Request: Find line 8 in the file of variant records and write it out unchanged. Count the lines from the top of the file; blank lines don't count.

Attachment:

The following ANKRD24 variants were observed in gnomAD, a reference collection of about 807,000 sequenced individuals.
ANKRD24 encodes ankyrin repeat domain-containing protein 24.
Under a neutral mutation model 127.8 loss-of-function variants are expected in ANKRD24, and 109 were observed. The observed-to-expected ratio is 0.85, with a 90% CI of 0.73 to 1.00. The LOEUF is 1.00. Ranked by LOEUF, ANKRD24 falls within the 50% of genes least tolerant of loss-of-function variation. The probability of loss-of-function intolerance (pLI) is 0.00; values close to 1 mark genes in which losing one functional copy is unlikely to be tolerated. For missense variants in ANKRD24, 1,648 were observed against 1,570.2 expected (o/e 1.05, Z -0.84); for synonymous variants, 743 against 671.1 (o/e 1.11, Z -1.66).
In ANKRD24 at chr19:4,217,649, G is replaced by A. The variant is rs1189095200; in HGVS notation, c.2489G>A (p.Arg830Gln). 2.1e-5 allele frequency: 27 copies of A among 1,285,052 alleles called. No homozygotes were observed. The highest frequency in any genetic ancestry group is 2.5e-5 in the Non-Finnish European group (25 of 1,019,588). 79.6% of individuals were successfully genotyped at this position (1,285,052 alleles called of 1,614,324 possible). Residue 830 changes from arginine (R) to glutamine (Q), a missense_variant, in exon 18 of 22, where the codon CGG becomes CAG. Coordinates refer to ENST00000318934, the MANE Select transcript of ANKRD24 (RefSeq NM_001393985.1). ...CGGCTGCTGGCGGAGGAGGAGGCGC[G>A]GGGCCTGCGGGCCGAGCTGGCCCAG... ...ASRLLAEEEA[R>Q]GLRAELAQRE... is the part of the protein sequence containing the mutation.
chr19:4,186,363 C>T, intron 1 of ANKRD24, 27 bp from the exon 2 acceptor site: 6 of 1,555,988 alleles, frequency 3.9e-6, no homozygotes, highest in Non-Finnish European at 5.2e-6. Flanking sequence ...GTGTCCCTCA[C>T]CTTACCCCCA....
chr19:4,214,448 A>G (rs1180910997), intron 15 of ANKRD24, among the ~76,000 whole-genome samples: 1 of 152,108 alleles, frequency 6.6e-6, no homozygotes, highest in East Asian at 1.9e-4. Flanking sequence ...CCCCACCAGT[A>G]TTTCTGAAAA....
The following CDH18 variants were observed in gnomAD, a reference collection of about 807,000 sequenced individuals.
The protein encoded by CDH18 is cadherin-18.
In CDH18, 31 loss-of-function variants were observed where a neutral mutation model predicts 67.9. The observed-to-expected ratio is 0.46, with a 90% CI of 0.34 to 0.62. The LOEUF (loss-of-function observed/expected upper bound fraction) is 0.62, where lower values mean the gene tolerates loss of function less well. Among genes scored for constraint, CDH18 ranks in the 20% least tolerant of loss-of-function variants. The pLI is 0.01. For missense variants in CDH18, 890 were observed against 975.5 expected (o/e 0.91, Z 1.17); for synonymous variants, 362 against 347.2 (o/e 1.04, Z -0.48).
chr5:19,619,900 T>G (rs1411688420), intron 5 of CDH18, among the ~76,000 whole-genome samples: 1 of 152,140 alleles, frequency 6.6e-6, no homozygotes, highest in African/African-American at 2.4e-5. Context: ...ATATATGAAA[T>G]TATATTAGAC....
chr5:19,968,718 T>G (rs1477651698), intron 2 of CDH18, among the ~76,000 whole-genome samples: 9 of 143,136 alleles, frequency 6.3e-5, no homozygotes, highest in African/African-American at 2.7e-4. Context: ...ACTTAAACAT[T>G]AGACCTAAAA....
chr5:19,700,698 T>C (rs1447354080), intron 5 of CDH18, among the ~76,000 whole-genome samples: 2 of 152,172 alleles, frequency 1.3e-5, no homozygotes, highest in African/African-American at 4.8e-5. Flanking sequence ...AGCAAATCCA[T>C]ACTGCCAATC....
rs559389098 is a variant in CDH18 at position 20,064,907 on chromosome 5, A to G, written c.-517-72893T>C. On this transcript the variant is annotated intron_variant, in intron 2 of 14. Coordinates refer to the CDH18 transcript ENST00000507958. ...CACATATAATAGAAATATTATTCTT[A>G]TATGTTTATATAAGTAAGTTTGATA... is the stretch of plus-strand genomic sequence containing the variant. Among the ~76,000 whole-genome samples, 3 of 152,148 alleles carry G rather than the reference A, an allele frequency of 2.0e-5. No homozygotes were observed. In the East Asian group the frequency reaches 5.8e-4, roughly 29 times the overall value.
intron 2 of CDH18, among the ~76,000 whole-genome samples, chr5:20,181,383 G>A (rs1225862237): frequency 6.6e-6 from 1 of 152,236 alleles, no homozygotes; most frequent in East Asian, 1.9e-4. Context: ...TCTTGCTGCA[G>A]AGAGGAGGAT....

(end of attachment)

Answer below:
The protein encoded by CDH18 is cadherin-18.